Collaboratory: The Simple Story

What a phenomenal experience the Climate March was! There were 400,000 people and more than 1500 of us were Unitarian Universalists. When I arrived before 9:00, 58th street was empty, but people were arriving by 10 and by 11 the space was very full and the pagans were drumming and the Jews were blowing shofars and the energy was rising. By noon it was crowded and by 1:00 there were so many of us it was getting uncomfortable. Once the gates were open, it felt like a party. Hundreds of thousands of people on the streets chanting and dancing and cheering for climate justice.

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We cannot remain silent

Climate change is the gravest danger facing humanity today. We are already experiencing its effects — rising sea levels, catastrophic storms, species extinction — but the potential effects of climate change are even more devastating. And while climate change affects all of us, its consequences will be felt most profoundly by the most impoverished and marginalized of the world’s communities.

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The People's Climate March

By Barbara Alsop, First Unitarian Universalist Society of Burlington, VT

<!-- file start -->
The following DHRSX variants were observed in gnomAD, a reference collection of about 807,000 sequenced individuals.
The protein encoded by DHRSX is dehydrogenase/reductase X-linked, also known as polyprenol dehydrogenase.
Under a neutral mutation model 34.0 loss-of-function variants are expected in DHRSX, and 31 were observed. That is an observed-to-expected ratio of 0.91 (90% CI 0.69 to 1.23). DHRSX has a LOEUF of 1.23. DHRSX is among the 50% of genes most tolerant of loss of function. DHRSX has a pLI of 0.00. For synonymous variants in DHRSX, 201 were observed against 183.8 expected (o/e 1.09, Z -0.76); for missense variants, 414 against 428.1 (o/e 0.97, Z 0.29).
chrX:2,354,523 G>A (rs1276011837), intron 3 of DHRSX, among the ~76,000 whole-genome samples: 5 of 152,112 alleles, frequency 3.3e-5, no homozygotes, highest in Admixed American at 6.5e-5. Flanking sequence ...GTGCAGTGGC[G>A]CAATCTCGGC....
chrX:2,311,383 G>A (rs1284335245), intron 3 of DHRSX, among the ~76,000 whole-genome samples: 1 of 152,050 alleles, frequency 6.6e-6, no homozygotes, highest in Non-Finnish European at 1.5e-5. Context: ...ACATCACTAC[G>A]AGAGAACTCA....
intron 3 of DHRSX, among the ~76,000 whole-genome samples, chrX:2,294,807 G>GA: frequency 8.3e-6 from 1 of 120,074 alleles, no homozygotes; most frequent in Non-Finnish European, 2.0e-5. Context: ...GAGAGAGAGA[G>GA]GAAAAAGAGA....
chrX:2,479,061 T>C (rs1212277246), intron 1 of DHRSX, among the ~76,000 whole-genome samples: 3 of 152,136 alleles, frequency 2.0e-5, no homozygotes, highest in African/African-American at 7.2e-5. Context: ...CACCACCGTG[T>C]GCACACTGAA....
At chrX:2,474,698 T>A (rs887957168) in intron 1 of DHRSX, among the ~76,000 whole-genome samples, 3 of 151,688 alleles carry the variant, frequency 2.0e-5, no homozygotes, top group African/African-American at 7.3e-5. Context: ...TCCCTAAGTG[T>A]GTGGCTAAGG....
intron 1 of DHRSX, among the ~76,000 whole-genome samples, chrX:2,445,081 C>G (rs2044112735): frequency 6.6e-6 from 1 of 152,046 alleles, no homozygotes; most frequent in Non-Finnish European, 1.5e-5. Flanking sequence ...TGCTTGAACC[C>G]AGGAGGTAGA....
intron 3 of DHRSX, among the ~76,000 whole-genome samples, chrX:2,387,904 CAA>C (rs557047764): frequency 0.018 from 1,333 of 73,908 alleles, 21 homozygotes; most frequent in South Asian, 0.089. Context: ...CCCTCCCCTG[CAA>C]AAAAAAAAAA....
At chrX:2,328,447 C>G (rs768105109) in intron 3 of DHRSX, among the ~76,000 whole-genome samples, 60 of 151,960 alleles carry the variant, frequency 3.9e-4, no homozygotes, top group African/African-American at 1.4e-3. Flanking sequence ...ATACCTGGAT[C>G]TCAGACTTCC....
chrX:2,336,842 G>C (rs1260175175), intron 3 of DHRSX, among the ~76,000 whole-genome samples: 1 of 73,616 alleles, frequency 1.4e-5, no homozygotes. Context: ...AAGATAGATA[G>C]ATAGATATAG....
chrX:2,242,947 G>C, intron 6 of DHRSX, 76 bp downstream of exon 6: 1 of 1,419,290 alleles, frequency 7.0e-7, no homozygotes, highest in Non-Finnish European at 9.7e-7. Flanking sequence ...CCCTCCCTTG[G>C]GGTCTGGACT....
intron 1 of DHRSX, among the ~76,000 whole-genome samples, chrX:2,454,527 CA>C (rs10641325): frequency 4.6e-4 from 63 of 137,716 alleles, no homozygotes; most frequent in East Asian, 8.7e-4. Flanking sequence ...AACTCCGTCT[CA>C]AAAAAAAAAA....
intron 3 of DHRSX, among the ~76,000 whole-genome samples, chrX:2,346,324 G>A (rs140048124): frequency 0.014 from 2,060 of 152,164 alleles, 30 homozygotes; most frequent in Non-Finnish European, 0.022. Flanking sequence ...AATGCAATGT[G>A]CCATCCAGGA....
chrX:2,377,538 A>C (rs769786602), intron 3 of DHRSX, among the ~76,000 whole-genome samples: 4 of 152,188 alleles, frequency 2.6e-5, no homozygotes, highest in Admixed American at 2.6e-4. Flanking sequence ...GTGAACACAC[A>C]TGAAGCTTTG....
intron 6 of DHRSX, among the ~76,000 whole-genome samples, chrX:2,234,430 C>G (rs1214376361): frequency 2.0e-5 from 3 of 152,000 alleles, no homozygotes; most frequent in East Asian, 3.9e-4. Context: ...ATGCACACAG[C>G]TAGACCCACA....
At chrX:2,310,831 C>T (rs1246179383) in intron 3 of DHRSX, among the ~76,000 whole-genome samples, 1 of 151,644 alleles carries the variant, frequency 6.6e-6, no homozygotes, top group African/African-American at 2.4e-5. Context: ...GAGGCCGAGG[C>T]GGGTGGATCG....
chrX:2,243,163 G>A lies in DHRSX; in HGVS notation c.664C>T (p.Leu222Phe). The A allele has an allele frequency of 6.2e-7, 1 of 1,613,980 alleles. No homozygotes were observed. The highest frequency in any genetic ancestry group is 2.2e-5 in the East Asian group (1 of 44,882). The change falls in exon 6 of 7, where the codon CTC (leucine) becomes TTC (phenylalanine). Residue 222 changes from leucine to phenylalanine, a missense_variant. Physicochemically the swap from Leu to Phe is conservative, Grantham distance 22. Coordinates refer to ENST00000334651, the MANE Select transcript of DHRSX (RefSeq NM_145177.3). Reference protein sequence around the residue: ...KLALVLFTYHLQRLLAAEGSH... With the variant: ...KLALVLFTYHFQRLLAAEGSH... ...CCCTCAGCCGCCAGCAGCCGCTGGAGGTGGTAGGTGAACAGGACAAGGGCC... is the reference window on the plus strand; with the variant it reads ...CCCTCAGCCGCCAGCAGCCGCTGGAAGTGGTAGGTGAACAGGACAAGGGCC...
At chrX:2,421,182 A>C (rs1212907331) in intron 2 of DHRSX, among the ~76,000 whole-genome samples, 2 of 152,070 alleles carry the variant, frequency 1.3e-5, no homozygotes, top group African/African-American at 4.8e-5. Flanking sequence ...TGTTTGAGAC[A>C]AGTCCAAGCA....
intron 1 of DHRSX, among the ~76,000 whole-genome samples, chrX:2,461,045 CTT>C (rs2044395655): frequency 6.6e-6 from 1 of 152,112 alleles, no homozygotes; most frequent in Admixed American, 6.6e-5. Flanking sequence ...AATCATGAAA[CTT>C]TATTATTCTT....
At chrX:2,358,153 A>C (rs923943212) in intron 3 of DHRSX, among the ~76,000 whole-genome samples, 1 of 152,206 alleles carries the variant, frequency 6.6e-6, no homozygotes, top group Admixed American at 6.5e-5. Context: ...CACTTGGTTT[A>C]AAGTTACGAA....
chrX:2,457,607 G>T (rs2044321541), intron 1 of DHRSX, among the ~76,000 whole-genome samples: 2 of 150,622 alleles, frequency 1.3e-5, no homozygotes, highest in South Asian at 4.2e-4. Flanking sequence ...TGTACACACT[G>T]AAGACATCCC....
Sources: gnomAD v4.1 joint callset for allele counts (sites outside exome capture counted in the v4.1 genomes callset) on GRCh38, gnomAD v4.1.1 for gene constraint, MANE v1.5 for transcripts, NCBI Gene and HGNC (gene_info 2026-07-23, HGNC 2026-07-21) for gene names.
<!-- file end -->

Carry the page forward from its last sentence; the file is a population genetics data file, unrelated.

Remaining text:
If you haven’t seen the news yet, we had a Climate March in New York City today (said advisedly since I started typing before midnight but it is now the next day). The counts vary between the NY Times’ 310,000 and the organizers’ guess of 400,000. I’m not going to quibble over details. The bottom line is that a heck of a lot of people showed up for the march, including 70 from my UU Society. That represents almost a quarter of our regularly appearing congregation, and it also represents the incredible generosity of the members who could not go.

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Act for Climate Justice

Join us next month in taking action to support climate justice! Attend the People’s Climate March in New York City on September 21 or find, support, or organize a related event in your area.

Climate change poses a threat to human rights in the United States and around the world. From women’s empowerment to disaster recovery, from access to clean water to food sustainability, efforts to improve human rights are already being strained by climate change.

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Join the Largest Climate March in History

The science supporting climate change is irrefutable. As faithful stewards of the earth, we must act. Our efforts, combined with the efforts of millions of others, can make a difference. I invite you to join me one month from today in bringing attention to this global issue.

On Sunday, September 21, 2014, an estimated 1 million people will gather in New York City for the People’s Climate March in advance of the United Nations Climate Summit. I will be there representing Unitarian Universalism. Join me in NYC, and together we will show world leaders that there is deep concern for the environment and that we are ready to engage with them to face the challenges ahead.


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